If you have vitiligo, an autoimmune disease that causes the skin to lose its pigment, you may have complicated feelings about how it affects your appearance. You’re not alone in this: Removing pigmentation can take a toll on your self-image, even if you feel good about yourself in general.1
But these changes in your skin don’t change who you are. A practical self-care routine can help you embrace your skin—and SELF spoke to people with vitiligo to give you the proof. Here’s how they learned to feel better about themselves after experiencing depigmentation—and what you might want to try if you’re struggling, too.
“Not focusing on covering spots, but improving what’s already there, helped a lot.”
For Rhea Agrawal, 24, who has had vitiligo since she was three, trying on clothes and accessories isn’t just about following trends—it helps her feel at home in her own skin. “Fashion is a form of self-expression and a way to show confidence to the world,” Agrawal told SELF. “My love for fashion is not only limited to the clothes I wear, it also extends to the confidence and confidence I feel when I step into a well-coordinated outfit.”
Alicia Roffs, 45, who has had vitiligo her entire life, loves expressing her personality by experimenting with different makeup looks. During her teens to her late 20s, she paired bold eye shadow colors with eye-catching outfits to stand out. Today, Rove uses cosmetics to highlight parts of her body that she loves. “I love doing patterns on my nails. I make sure I put on eye shadow and mascara.” “Not focusing on covering spots, but improving what’s already there, helped a lot.”
“I practice loving myself and feeling good in my own skin.”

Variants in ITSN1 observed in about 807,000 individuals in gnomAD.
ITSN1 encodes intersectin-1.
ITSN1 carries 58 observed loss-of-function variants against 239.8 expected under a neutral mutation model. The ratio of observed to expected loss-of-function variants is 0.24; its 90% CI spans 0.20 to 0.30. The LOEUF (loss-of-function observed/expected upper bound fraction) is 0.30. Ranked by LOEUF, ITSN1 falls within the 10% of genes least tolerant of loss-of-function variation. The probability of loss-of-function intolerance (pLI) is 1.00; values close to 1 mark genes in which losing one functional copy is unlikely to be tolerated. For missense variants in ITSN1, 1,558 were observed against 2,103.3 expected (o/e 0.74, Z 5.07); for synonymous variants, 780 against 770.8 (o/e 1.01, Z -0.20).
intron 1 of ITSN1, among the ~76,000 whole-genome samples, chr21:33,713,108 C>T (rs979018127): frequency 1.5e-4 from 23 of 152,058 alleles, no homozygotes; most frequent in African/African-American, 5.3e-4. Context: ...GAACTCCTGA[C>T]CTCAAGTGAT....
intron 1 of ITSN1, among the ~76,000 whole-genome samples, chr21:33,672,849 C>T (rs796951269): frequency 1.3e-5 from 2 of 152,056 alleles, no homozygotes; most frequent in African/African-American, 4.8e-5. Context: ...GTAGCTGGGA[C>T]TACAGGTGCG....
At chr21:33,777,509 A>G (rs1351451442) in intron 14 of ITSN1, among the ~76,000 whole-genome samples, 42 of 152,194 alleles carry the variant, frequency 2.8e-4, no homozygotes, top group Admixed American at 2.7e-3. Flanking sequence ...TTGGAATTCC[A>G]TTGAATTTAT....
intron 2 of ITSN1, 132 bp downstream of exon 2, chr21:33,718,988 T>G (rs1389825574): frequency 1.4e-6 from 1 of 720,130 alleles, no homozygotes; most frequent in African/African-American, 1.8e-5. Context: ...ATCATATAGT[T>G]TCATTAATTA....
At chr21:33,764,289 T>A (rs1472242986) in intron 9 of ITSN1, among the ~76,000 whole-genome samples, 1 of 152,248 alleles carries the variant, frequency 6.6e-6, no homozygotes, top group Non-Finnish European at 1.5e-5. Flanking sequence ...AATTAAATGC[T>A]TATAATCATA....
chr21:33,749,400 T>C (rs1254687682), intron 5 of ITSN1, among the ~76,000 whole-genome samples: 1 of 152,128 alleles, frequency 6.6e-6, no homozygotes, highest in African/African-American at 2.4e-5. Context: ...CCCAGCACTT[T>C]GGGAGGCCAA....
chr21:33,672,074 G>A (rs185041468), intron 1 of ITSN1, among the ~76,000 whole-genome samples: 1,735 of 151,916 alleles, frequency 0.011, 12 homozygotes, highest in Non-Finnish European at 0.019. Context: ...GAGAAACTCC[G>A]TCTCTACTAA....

McKyla Crowder, 29, tries to be kinder to herself on the days she’s feeling down about her vitiligo. “Many of us can be our own harshest critics,” she tells SELF. “We really need to be encouraging ourselves on a daily basis.” Self-compassion doesn’t always come naturally, so Crowder often takes a “fake it ’til you make it” approach with the help of daily words of affirmation. “If you tell yourself that you are beautiful and worthy enough, you will begin to believe it,” she says.
Tonga Johnson, 53, also believes in the benefits of daily affirmations. After she was diagnosed with Vitiligo at the age of 43, she put little sticky notes reading “You’re Beautiful” and “You’re Bold” all over her house so she randomly saw them during her day. Privately early on, Johnson tells SELF, “I had to constantly say to myself, ‘No, you’re smart, you matter, you’re awesome, you’re fearless.'” Now that she’s past the toughest period of her mental health, Johnson doesn’t make positive self-talk every day — but she still occasionally posts a note or two when she needs a boost.
“Educating myself has given me a sense of empowerment and confidence.”
Agrawal says she spent most of her teenage years feeling ashamed of her own skin. That changed in her twenties, when she took the time to learn more about her vitiligo. “I spent countless hours researching and educating myself about this condition, which gave me a sense of empowerment and confidence,” she recalls. “I felt more equipped to answer questions and address any misconceptions people might have about vitiligo.” She says the process of discovery—the character and her condition—has helped her better understand and appreciate her own skin. “Self-love is an important part of self-care, and it starts with accepting oneself and owning every bit of it,” she explains.
“I believe in keeping yourself in a peaceful environment.”
Alisha Archibald, 53, deals with her symptoms by keeping stress to a minimum and finding ways to handle intense situations. Although she was diagnosed with Vitiligo at age 44, she went through a particularly stressful period at age 49 and her condition “went off like wildfire,” she tells SELF, causing her to lose most of her skin tone.